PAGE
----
AACSB Explores delves into the insights and experiences of some of business education’s top thought leaders as they discuss major issues and developments facing the industry and business schools worldwide. Visitors can browse through the video conversations within each segment or read the transcripts.
Sherif Kamel, dean of the AUC Business School at the American University in Cairo, shares why entrepreneurship should no longer be a singular focus in business curriculum but an embedded element throughout programs.
Sherif Kamel: [0:05] Business students, education, schools, when they focus on entrepreneurship, they should not be focused on a course or a seminar. It's an ecosystem that has to be built within the school. Today, it's through the material that's being taught, the way it's being taught, the access to the market, whether mentors, supporters, start-ups who succeeded and failed.
[0:36] Schools who want to really have an impact when it comes to entrepreneurship should build an ecosystem around that subject. They should build a mindset that is not just directed towards building up companies and creating job, but it's the way to do business, how to impact the community, how to become agents of change.
[0:56] Many schools do that. One of the platforms they use to do that is having an accelerator which compliments what is being taught in the classroom. It's a bit experiential learning. It's a bit some stuff taught in the classroom [indecipherable] , but also a practice when they interact with these startups.
[1:12] Looking at entrepreneurship as a technical field by itself versus looking at it as part of the business studies, I look at it more on a horizontal level rather than vertical level. I look at people when they are taught marketing, finance, strategy, HR, or IT. They should know what entrepreneurs think like, how they see things, how they take risks, how they think differently.
[1:35] I don't see entrepreneurship being taught in a course or two, like Intro to Entrepreneurship, but more or less embedded in the different courses. Again, it's part of creating the mindset of people who do not really want to go and work for a company but are more risk-takers, more innovative, more creative. They want to go out there and be different.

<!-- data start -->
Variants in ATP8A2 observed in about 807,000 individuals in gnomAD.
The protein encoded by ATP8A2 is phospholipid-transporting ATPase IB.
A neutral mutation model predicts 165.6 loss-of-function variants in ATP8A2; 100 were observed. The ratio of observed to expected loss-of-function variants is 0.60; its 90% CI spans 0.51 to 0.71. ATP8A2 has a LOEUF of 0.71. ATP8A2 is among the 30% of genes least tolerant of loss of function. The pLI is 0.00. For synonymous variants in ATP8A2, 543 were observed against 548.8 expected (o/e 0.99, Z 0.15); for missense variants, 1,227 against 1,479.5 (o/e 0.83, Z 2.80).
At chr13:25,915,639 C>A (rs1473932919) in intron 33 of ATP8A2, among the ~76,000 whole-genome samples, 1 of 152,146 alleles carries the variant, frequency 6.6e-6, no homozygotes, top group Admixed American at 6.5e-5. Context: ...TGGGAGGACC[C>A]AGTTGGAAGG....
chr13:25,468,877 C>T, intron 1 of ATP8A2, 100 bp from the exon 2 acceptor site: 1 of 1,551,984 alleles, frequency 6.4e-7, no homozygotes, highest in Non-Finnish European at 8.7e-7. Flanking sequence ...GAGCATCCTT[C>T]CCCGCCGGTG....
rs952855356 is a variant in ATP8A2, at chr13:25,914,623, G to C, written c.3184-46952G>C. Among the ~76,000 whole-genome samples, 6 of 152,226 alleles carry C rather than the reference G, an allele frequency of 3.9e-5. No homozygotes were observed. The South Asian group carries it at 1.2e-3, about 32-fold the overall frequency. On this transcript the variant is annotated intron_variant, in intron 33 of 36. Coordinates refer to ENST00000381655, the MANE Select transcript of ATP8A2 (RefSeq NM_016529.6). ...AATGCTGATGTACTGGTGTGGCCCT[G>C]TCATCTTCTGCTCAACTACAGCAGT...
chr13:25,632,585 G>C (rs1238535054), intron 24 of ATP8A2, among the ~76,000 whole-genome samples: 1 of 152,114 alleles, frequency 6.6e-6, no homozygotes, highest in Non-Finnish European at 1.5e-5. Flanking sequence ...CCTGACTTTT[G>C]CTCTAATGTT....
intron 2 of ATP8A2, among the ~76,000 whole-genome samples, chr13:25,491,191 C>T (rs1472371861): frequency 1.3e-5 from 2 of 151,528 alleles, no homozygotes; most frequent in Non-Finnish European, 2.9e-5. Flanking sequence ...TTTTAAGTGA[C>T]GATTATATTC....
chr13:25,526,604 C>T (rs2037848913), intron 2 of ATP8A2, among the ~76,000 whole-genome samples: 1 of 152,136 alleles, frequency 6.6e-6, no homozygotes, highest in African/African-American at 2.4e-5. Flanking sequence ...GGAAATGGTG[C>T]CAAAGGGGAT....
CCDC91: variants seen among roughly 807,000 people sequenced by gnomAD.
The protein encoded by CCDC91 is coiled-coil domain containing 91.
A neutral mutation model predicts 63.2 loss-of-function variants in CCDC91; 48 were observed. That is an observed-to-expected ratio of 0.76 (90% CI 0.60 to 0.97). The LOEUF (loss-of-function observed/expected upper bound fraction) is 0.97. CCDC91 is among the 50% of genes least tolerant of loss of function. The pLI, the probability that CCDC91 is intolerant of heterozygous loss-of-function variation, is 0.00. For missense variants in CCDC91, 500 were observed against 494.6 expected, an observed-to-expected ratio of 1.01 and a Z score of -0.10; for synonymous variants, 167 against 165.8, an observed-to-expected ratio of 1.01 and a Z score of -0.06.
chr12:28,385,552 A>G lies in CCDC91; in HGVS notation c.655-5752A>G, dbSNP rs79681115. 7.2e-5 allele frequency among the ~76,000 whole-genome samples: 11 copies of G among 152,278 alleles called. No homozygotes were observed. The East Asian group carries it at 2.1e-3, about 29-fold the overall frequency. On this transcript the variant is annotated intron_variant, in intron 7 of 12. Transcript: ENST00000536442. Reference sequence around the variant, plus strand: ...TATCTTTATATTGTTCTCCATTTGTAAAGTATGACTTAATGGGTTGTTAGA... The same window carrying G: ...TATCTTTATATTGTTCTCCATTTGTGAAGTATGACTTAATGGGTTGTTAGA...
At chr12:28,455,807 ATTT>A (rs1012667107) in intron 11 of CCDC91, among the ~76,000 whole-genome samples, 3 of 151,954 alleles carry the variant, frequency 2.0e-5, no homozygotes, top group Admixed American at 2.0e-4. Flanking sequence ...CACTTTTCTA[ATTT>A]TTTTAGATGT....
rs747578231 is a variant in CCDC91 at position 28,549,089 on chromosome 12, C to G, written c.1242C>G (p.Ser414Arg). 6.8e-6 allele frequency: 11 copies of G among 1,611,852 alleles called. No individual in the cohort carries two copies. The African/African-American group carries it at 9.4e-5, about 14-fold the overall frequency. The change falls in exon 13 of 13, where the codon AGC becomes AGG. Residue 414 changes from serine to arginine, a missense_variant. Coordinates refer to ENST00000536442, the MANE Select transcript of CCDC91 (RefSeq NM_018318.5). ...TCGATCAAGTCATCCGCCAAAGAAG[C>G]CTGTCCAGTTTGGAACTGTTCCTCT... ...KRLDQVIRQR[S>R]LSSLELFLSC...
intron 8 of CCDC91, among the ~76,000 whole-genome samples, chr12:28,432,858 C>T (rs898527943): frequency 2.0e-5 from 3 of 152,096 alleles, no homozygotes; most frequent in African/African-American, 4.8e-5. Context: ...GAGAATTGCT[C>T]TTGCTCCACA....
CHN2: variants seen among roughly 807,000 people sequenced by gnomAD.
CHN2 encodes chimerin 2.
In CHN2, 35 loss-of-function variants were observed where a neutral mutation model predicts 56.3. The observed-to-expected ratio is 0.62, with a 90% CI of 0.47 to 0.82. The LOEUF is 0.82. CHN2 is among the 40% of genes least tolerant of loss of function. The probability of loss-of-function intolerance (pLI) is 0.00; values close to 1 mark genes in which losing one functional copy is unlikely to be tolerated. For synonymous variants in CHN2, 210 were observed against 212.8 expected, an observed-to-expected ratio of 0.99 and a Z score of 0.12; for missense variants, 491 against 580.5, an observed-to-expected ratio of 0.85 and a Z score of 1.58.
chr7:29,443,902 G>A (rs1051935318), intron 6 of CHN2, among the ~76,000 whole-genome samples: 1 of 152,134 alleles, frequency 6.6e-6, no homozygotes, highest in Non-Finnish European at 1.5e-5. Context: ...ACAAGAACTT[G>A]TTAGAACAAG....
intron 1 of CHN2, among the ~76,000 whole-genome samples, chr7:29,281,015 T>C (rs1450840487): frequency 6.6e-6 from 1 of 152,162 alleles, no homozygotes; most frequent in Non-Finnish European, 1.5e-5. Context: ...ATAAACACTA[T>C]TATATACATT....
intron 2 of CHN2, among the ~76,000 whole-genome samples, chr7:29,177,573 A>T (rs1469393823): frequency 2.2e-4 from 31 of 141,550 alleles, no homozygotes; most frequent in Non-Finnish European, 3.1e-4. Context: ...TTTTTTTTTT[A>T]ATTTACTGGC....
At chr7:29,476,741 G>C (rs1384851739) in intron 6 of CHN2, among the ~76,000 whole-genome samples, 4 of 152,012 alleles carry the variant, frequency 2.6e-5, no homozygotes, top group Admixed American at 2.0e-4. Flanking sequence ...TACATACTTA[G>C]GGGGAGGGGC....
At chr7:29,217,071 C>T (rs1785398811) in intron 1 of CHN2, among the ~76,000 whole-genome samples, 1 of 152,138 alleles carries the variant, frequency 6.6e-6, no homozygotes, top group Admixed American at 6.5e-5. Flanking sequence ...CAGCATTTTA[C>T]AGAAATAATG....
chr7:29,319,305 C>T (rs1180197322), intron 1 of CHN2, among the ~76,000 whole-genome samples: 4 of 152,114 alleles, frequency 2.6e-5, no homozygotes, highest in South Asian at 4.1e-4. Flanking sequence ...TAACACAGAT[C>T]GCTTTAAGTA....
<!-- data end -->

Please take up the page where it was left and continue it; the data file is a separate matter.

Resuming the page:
[1:57] In that sense, it should be embedded right, left, and center in the curriculum.
[2:00] When it comes to entrepreneurship and innovation, it should not be confined to the campus. It should also reach out to the community. Stand-alone accelerators or university-based accelerators, they usually pull resources from the campus.
[2:14] They also open up for opportunities coming from outside campus. I think that's the role that universities and business schools should be playing. They should not limit access to the faculty, to the resources, to their mentors network, and what have you, to only the students.
[2:28] What I mean by students, also not students in the business schools. I always believe that this should be interdisciplinary. Whether they come from social sciences, business, sciences, engineering, they all complement each other. Surely, that also impacts the community. That's, actually, magnifies the impact of business schools across the society.
[2:48] Engaging with industry when it comes to business school I think is key. Being confined to theory, in-class discussions, and so on gives a good experience, a good exposure in terms of knowledge, but they do not really tackle the day-to-day operations and successes and failures that happen to industry.
[3:06] The more bridges are being built between business schools and business and industry, the more the learning curve of the students is magnified. Not just between themselves, but also when they interact with the community once they graduate. I think it's a building process that prepares them to their career once they graduate.
Filmed February 2020 at AACSB's Deans Conference in Nashville, Tennessee, USA.